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The wonderful economics nerds at Marginal Revolution just dug up a doozy: Venezuelan flights are sold out for the next six months, but are leaving half empty. Why? They're part of a currency-trading scam that speaks volumes, and goes like this:
The government of Venezuela has set an official exchange rate for its currency, the bolivar. The rate is 6.3 bolivars to the U.S. dollar. The problem is that most people are prohibited from purchasing dollars at that rate. It's a rate used for corporate business deals, major arbitrage transactions, international finance, and so forth. The average Venezuelan does not get that rate. The result is a raging black market for dollars, which Marginal Revolution claims have become more than seven times as expensive as the official rate. You can get dollar bills on the streets of Caracas. But they'll cost you 42 bolivars each, not six.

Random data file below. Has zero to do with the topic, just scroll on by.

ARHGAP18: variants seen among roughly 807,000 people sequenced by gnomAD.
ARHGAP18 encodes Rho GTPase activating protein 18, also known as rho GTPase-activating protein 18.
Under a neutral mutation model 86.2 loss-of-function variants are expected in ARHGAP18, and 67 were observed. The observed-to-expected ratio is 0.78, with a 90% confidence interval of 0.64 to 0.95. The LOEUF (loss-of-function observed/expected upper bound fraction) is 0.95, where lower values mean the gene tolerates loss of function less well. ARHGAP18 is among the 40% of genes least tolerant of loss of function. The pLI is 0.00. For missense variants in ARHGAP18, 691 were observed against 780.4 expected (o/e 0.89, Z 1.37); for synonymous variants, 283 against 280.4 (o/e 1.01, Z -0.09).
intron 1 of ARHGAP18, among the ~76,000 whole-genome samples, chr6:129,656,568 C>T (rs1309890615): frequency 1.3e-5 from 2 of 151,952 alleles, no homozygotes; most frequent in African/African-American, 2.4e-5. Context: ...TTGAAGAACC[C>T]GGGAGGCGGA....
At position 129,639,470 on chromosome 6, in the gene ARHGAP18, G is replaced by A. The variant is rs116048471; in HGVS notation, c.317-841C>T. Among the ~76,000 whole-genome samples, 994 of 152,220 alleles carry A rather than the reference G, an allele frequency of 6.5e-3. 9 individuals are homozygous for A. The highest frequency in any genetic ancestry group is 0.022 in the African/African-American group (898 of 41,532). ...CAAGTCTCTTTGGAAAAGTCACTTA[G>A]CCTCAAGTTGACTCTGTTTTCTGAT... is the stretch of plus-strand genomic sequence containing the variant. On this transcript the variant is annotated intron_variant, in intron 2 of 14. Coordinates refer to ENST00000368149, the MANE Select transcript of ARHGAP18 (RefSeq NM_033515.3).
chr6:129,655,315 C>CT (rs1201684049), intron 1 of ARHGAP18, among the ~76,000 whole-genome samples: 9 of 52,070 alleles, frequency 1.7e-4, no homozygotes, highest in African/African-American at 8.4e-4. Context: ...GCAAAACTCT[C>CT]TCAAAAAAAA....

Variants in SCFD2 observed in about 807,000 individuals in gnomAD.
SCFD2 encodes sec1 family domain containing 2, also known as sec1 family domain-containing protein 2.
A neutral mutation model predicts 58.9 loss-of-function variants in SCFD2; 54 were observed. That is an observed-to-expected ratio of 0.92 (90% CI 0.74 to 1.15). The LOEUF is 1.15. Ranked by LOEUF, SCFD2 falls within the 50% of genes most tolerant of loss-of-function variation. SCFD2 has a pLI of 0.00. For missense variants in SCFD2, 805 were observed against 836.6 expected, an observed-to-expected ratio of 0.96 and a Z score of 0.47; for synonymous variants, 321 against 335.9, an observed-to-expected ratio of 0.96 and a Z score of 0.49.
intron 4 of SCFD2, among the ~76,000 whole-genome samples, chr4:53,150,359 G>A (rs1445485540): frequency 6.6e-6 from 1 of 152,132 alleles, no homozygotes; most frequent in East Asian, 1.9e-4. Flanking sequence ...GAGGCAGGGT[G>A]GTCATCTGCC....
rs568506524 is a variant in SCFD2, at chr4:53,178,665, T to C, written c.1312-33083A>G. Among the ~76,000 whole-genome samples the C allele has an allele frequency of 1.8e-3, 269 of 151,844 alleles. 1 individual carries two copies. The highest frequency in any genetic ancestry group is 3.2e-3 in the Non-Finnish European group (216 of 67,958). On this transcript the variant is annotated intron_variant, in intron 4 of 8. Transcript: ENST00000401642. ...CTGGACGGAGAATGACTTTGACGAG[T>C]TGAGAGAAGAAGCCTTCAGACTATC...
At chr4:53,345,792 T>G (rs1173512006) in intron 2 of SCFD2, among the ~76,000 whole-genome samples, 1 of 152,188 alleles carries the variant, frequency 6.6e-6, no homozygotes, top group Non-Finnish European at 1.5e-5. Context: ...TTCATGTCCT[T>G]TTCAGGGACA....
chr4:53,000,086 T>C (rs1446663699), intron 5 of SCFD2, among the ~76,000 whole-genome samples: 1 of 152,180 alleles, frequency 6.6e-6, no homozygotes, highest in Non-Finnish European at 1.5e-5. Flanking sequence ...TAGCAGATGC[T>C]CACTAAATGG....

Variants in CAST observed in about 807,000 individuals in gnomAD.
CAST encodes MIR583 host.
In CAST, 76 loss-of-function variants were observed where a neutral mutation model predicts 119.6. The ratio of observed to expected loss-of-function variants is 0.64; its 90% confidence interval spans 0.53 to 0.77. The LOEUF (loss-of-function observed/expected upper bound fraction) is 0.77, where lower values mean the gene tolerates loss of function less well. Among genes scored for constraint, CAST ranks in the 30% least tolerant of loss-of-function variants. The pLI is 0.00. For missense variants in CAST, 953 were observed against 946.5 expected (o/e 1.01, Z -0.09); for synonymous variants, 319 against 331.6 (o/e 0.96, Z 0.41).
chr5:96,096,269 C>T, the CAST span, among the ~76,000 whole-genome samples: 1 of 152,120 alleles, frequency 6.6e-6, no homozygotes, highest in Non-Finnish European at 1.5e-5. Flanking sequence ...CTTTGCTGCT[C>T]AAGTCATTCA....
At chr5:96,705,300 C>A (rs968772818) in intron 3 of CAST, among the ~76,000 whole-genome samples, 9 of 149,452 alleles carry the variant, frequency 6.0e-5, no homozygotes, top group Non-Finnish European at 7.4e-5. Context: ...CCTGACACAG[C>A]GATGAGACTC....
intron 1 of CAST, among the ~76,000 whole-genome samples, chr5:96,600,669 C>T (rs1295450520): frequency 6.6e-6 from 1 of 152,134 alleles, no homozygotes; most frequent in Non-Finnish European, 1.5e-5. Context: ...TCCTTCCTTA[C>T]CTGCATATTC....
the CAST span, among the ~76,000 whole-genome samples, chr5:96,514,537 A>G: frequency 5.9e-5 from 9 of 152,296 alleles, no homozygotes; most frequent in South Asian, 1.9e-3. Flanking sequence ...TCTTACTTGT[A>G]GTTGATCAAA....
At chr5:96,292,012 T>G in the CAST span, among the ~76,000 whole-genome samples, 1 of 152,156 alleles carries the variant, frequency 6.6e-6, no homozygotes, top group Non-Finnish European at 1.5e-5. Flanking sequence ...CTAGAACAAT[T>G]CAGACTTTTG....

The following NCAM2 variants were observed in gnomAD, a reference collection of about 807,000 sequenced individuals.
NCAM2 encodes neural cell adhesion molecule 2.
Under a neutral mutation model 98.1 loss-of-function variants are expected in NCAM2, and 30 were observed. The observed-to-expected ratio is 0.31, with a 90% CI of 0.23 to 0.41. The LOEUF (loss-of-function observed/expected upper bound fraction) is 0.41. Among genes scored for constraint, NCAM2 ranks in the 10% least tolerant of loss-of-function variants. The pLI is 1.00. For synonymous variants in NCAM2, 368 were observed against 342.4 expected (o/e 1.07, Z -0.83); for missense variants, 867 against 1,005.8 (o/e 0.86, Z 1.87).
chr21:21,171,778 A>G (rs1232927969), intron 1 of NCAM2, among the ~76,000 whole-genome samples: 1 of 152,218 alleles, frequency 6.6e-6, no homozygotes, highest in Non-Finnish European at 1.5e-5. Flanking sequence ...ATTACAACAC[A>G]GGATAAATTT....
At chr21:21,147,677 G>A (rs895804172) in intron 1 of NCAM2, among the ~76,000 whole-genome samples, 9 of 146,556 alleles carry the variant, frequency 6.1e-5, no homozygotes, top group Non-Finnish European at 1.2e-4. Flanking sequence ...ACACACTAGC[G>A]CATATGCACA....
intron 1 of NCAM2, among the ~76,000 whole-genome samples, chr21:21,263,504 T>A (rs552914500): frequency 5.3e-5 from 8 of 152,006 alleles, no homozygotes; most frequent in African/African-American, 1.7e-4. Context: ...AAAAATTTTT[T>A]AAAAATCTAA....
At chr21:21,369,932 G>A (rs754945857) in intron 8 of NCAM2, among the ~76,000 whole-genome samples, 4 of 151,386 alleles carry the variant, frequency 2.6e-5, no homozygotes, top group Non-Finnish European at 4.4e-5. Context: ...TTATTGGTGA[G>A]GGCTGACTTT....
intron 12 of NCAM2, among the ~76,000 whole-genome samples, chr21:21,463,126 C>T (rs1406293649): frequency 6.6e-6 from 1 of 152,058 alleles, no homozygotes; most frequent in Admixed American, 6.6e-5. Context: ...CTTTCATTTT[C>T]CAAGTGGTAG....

reply to post by SearchLightsInc
I think it's genius. Serves the companies and the government right for screwing them like that.edit on 10/11/2013 by Zaphod58 because: (no reason given)
So I can make $7000 taking a trip down south?